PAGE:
"Garf! Attention please. Adela?"
"I spliced a zebra and a rhinoceros."
"That the one you were telling us about before the meeting?"
"An unlikely combination. And the result?"
"Really very good. The splice dropped the zebra stripes . I never liked them, anyway. It's an interesting observation that the zebra stripes disappeared in all the experiments I made. They seem to be recessive.
This specimen is pure white with the zebra form. The splice picked up the horn from the rhinoceros but much altered. The horn is now tapered, perfectly straight, not curved as in the rhinoceros and located between the eyes. The specimen is very docile and I think would be of great use as it thrives at low altitudes and is vegetarian."
"In what way would it be useful?"
"It could be trained to carry materials on its back, as it is very strong. The horn might be useful in battle though it is a very docile animal and it might be difficult to induce it to fight."
"Sounds like a superior beast. Any drawbacks?"
"Some individuals have a longer horn which interferes with grazing but I think that could be easily overcome by selective breeding."
"Another case of unfinished work. I do hope we will be able to come back. The name?"
"I thought of calling it unihorn but decided on unicorn--sounds better, somehow. That's my report."
"Very good. Now, Garf. You've been sniping at Adela all afternoon. Let's see if you've been doing anything constructive."
"I was very interested in the strength and agility of the mountain goats and I thought these qualities would be a great addition to Zontan abilities here, especially since there seems to be so much broken land. A goat-Zontan splice produced animals with hairy goat-like bodies but with long tails. The Zontal type heads sport pointed upstanding ears and short sharp horns. The specimens are very agile, especially the males. They are attracted to the females of any species. I wish I had their libido."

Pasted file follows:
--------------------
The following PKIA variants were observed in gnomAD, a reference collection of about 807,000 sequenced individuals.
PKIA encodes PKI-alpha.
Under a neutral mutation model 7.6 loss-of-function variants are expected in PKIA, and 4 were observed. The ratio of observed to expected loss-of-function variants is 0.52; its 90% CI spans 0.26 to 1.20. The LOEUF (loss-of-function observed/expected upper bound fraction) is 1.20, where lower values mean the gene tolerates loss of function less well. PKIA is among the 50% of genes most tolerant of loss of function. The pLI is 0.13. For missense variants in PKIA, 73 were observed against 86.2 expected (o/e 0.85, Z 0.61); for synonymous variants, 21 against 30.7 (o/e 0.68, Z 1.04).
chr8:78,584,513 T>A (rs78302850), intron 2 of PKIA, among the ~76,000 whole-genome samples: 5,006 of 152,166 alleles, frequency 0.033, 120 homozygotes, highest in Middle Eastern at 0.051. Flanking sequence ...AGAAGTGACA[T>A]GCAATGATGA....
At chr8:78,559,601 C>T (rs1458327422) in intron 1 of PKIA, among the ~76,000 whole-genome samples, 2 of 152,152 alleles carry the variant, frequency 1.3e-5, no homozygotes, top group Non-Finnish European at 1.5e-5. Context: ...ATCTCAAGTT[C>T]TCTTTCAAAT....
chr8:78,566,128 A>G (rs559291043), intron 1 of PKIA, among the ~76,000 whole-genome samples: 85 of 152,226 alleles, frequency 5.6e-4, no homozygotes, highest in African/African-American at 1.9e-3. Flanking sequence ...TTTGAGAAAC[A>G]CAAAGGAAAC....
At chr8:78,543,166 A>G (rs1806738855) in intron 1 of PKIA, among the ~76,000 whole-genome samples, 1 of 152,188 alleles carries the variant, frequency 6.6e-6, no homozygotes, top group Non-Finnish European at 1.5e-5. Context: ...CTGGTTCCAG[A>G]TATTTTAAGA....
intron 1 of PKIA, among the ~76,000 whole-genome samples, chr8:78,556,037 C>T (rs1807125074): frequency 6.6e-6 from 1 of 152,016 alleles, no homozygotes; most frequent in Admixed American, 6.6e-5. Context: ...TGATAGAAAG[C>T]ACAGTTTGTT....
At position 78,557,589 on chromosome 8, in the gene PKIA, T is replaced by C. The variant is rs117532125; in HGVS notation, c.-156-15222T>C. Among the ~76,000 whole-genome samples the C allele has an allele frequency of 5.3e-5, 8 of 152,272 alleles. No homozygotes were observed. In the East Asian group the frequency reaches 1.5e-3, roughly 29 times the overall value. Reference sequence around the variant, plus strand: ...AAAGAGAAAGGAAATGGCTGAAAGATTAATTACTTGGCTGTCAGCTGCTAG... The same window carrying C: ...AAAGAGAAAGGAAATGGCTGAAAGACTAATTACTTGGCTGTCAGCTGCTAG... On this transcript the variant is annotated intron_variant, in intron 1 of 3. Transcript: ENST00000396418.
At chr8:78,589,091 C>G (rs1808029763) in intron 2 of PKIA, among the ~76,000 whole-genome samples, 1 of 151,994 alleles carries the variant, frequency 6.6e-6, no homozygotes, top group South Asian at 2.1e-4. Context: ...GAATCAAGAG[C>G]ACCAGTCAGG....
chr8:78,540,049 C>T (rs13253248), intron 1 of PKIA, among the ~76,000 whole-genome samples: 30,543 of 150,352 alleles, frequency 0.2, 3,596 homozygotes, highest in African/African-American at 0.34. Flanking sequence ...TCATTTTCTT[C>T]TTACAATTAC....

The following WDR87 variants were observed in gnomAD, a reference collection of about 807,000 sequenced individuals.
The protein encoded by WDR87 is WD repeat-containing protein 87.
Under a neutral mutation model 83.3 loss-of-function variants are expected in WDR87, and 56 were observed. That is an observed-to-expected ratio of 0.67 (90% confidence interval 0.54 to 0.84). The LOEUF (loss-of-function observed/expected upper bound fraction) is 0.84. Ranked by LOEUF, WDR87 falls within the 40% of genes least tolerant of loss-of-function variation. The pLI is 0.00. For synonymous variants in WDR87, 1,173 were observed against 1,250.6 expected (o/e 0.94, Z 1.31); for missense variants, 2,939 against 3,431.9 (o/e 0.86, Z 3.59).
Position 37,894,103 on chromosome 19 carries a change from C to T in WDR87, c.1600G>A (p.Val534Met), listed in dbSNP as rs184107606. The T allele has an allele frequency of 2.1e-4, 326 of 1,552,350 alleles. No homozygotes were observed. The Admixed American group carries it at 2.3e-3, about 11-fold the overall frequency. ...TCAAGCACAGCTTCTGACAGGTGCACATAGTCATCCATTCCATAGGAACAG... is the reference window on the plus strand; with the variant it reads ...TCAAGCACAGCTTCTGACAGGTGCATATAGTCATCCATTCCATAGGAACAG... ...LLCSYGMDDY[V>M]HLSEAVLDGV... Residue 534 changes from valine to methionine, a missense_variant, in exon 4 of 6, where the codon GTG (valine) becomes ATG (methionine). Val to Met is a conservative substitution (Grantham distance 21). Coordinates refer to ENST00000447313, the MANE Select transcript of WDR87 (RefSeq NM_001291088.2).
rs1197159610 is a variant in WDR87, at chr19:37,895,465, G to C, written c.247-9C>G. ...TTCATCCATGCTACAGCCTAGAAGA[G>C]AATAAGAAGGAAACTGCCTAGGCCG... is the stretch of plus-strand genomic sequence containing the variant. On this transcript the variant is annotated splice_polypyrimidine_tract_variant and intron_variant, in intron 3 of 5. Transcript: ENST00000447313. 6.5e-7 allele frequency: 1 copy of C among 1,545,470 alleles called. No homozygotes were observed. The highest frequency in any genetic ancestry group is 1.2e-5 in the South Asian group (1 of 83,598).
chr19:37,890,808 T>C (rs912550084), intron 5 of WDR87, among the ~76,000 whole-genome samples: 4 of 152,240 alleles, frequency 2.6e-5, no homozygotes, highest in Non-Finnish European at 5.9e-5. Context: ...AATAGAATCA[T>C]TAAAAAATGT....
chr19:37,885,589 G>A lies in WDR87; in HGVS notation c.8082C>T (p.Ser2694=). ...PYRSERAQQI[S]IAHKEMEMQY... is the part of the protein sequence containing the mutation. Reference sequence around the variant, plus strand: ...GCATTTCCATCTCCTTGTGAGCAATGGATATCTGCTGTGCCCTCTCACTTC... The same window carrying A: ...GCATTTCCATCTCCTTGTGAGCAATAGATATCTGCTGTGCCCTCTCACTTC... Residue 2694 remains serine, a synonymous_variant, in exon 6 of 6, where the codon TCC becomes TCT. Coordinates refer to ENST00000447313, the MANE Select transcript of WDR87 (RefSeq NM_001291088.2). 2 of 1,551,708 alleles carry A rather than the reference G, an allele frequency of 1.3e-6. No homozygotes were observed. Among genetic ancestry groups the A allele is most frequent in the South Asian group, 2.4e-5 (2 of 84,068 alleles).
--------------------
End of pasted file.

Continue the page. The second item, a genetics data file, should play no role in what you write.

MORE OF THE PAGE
"You have enough."
"Enough of that, Adela. Practical uses?"
"Well, if you want to populate earth they're the ones to do it. The females are quiet and good mothers but the males have only one object in mind."
"Just like a Zontan I know."
"Adela!. Go on, Garf. Intelligent?"
"Rather limited, I'm afraid."
"As I said, the males have no interest in anything but sex and the females are kept pretty busy by that. I think it's not a very practical splice unless we define an underpopulated area of earth where quality is not a necessity."
"We may find such an area as exploration proceeds but that is outside our current mandate. Did you name the creature?"
"I called it a satyr."
"I think we could consider this experiment a partial success. Mauri, what have you been doing?"
"I have two fairly successful splices. I very much admired the arctic bears, here, and a Zontan/bear splice produced a very large Zontal-type specimen, covered with thick hair, except for the face. It walks upright, makes and uses tools--seems very intelligent but only speaks in growls. Lives in family units and cares for its young very conscientiously."